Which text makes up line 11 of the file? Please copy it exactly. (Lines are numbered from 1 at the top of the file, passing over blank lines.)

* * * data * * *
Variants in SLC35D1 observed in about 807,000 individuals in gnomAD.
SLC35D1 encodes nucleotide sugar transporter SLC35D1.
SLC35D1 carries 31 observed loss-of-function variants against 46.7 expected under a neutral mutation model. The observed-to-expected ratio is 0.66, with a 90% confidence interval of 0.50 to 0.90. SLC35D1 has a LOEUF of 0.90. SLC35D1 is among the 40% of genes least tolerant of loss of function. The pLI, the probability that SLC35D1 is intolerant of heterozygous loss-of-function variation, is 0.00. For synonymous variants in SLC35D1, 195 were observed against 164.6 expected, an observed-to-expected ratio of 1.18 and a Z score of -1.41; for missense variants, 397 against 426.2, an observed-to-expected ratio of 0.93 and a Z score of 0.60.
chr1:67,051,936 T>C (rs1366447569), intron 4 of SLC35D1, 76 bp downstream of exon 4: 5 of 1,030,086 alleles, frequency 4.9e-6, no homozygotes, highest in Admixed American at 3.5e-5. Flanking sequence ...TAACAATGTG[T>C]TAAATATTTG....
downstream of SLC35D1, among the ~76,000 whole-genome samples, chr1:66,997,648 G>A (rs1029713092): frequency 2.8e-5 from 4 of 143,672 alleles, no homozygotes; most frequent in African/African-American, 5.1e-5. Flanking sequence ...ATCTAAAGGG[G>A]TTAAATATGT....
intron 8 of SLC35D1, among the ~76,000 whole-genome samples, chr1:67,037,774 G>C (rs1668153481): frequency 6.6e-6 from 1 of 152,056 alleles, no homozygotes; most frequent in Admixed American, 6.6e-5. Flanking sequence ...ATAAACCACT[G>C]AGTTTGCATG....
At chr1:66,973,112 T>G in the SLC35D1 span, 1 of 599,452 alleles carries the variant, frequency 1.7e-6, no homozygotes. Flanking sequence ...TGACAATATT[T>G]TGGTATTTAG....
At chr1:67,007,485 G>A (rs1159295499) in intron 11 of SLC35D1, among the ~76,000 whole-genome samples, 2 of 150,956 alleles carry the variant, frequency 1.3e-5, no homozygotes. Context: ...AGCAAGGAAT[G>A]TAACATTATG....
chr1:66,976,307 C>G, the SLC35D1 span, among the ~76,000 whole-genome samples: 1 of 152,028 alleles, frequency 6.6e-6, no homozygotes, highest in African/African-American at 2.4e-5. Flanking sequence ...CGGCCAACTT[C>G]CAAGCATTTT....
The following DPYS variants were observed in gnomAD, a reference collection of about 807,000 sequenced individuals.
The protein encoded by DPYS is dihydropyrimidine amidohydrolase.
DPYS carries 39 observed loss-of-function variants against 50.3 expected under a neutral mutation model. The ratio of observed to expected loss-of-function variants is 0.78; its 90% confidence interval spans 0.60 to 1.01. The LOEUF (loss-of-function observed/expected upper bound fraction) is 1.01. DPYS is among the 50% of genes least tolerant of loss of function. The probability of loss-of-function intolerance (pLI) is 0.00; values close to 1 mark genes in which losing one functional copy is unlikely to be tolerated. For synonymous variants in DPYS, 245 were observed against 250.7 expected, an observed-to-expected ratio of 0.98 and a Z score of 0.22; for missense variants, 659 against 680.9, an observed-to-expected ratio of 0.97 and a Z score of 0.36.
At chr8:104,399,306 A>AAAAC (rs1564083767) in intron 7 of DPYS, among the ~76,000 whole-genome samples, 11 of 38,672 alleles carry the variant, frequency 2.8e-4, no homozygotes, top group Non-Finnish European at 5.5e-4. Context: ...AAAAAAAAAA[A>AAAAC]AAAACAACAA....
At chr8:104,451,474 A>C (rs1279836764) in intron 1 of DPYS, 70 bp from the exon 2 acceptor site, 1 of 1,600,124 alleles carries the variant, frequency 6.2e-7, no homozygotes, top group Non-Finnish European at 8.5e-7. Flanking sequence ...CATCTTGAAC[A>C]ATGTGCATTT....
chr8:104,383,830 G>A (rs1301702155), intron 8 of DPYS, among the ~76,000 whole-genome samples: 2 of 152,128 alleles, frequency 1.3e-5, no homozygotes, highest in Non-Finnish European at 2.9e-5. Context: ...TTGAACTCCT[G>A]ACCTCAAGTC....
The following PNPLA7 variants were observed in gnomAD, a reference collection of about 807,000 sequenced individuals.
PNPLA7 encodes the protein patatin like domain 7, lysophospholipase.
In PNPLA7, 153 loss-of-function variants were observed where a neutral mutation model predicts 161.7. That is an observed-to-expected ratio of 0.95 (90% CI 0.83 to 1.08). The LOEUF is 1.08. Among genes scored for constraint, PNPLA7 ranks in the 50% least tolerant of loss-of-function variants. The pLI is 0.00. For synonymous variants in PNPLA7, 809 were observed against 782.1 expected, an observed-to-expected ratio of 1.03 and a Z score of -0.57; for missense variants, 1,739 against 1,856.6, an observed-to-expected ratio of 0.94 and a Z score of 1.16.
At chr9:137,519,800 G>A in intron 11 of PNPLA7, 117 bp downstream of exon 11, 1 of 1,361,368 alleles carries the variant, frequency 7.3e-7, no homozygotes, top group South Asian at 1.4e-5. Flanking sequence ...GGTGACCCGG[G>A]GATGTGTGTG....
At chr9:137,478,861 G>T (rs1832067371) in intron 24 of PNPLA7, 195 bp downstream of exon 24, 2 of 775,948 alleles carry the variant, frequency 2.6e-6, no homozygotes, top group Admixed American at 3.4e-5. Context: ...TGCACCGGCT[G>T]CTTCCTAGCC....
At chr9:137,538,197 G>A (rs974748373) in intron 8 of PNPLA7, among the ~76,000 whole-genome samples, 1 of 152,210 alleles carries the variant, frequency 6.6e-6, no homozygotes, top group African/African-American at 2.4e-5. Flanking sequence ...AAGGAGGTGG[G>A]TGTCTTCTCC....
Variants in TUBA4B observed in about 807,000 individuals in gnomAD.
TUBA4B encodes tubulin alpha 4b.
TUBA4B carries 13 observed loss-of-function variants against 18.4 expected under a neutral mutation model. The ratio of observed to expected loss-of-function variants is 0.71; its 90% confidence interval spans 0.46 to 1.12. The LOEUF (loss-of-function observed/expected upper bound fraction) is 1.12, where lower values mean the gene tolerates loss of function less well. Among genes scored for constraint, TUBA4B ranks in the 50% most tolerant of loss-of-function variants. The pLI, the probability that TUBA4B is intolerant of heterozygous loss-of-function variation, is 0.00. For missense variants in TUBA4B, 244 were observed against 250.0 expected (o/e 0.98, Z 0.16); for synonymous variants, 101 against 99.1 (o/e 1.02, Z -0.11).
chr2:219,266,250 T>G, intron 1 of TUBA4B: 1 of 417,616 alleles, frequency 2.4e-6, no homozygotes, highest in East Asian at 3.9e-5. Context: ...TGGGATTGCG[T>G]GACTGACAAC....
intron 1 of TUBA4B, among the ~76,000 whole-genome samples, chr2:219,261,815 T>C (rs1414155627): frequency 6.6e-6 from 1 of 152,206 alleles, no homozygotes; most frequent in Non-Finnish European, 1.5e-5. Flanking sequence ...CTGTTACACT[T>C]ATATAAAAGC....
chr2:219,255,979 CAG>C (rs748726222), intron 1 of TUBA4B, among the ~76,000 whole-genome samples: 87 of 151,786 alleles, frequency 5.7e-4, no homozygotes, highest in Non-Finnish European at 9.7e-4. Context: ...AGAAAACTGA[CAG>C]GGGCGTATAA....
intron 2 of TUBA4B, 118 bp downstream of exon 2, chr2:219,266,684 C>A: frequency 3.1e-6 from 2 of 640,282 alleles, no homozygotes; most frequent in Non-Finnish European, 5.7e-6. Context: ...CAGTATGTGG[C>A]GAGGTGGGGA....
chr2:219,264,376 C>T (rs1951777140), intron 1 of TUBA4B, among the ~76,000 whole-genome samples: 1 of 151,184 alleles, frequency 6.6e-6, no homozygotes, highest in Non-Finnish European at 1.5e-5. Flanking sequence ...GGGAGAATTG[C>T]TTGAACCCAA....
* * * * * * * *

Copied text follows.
The protein encoded by DPYS is dihydropyrimidine amidohydrolase.